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No more iPhone FaceTime FOMO: How Apple video calls are coming to Android

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In iOS 15, you’ll be able to join a FaceTime call from your iPhone, Android or Windows device.


Screenshot by CNET

This story is part of Apple Event, our full coverage of the latest news from Apple headquarters.

The days when you needed an iPhone, iPad or Mac to join a FaceTime video call will soon be over. In a move widely seen as Apple’s answer to Zoom video calls, the software giant is making it possible for people who have Android phones and Windows laptops to hop on FaceTime calls — no iPhone required.

That isn’t to say that Apple devices are cut out of the process. In fact, they’re still so much part of the heart of FaceTime that the system will rely on the upcoming iOS 15 operating system to look and work more like Zoom and Microsoft Teams. In addition to being able to video chat people outside Apple’s bubble, FaceTime updates will include a new grid view and the ability to schedule calls.

Most folks will have to wait to try out FaceTime with Android and Windows users after the iOS 15 beta arrives next month, or when the finished iOS 15 product arrives in the fall. (Here’s how to download the developer beta version now.) But we can walk you through how you’ll be able to join FaceTime calls now, no matter what device you’re using.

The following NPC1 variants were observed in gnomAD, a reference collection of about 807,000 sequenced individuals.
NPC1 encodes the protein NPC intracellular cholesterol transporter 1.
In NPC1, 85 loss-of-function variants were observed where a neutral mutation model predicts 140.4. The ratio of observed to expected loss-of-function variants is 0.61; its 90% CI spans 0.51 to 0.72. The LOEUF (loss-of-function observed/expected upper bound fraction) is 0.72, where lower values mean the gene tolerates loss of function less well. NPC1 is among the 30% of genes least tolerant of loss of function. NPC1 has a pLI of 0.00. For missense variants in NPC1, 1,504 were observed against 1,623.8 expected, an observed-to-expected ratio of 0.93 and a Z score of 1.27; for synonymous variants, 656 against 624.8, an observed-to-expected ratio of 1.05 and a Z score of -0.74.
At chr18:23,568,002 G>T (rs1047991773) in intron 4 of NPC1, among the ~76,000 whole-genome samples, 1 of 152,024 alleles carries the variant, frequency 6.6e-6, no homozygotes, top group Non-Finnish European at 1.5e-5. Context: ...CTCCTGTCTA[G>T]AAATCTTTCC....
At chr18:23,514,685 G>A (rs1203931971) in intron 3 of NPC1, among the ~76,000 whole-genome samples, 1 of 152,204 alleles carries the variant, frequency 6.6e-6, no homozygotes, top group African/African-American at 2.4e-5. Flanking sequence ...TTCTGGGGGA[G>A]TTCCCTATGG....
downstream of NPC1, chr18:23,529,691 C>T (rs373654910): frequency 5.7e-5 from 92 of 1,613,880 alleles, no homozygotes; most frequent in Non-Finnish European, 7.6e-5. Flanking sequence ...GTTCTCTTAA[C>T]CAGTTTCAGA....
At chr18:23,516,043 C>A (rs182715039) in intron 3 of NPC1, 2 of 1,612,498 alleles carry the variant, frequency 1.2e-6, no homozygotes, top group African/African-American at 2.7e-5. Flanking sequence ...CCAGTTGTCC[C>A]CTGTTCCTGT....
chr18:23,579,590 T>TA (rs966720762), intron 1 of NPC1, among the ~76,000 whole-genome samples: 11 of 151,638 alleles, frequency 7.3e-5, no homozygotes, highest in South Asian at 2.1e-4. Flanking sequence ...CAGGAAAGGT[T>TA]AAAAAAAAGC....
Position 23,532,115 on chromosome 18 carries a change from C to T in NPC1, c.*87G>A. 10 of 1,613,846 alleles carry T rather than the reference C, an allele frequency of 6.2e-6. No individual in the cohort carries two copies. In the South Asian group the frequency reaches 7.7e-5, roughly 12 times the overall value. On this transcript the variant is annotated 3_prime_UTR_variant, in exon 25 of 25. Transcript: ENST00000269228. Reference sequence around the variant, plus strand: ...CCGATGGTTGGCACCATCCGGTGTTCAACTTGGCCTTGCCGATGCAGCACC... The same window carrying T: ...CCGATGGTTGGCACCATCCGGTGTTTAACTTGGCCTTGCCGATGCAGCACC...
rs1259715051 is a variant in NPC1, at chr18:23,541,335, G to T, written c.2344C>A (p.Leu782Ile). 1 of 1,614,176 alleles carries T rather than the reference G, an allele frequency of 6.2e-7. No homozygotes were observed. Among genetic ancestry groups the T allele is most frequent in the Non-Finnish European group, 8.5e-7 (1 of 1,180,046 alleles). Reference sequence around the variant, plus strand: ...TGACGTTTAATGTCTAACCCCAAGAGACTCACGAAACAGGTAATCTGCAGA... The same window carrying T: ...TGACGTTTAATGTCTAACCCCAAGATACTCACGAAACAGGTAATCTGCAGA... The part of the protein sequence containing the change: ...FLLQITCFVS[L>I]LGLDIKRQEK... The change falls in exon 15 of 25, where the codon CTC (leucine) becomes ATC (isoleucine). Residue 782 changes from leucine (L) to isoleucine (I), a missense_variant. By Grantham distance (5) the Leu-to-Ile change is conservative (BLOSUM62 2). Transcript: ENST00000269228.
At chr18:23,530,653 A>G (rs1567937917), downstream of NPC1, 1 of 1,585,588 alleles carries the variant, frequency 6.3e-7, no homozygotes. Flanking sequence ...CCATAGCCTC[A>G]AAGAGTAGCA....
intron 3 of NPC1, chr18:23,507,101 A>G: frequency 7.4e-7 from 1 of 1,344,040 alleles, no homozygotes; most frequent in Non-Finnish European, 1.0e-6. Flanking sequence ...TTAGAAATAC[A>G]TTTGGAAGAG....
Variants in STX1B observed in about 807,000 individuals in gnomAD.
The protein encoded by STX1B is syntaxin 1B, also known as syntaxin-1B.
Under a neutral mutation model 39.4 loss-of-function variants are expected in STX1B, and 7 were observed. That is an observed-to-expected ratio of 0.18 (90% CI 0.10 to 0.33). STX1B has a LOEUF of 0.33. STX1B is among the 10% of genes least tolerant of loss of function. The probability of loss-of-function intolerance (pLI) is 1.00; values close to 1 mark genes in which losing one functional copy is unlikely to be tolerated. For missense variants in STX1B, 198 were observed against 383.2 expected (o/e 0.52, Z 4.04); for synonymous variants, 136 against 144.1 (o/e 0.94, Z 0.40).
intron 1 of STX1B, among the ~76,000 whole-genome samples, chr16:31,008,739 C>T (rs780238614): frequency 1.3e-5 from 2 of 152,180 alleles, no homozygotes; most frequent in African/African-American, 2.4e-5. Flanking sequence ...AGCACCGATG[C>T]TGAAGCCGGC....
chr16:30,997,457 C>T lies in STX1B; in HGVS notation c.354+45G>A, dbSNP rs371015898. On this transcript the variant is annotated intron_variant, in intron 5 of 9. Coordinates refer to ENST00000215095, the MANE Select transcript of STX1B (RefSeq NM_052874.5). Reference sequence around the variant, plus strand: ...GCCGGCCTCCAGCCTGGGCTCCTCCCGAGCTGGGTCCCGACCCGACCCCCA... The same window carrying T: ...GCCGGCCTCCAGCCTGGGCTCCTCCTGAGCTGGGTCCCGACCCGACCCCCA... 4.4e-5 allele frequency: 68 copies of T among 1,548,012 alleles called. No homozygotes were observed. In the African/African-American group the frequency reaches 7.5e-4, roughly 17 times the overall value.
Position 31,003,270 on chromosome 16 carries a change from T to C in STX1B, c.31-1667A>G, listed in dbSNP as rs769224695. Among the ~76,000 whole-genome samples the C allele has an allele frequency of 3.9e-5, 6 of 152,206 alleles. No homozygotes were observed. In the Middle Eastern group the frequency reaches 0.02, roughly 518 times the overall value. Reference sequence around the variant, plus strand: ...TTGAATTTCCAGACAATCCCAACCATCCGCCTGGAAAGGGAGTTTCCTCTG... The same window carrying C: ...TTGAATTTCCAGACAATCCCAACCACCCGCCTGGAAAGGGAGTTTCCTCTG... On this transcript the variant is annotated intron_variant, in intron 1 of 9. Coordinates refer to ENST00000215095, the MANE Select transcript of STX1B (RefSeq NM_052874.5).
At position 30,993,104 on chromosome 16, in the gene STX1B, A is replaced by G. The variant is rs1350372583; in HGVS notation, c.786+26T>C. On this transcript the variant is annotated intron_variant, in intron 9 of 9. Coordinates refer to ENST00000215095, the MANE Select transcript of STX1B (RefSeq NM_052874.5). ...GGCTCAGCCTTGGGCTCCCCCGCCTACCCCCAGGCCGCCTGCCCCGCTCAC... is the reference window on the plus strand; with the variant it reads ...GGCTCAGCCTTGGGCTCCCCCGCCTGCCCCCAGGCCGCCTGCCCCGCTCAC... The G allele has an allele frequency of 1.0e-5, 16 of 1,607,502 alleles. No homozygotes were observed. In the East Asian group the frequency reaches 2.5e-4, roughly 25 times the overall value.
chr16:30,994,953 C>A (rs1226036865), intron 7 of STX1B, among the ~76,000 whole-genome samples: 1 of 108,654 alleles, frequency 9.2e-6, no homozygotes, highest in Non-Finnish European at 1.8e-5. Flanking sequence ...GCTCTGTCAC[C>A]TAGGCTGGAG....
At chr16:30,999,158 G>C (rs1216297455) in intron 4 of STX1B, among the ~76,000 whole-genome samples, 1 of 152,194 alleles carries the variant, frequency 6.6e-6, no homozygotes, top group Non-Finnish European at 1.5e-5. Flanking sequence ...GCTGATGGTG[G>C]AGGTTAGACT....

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How you’ll FaceTime using Android or Windows

The key here isn’t that the FaceTime app is coming to Android and Windows. It’s that you’ll be able to jump on a FaceTime call using a link. So, if you’re using an Android or Windows device and have a friend or family member with an Apple device, they can send you a link to join a FaceTime call through text, email, WhatsApp or a calendar invite. 

Once you get the link, all you have to do is click on it, and it will open in your browser. You’ll be able to join the call from there, without having to download a separate app or own an Apple device.

One caveat to this update: To schedule or start a FaceTime call, you’ll need to have an Apple device and an Apple account. Then, you can create a shareable link to invite others, who can join from their browser on Android or Windows devices — no Apple account needed. But those participants won’t be able to enter the call until the Apple user who set it up approves them. 

Apple noted at WWDC that even on the web, FaceTime calls are always end-to-end encrypted. 

For more, check out these FaceTime tips and tricks and everything else to know about iOS 15


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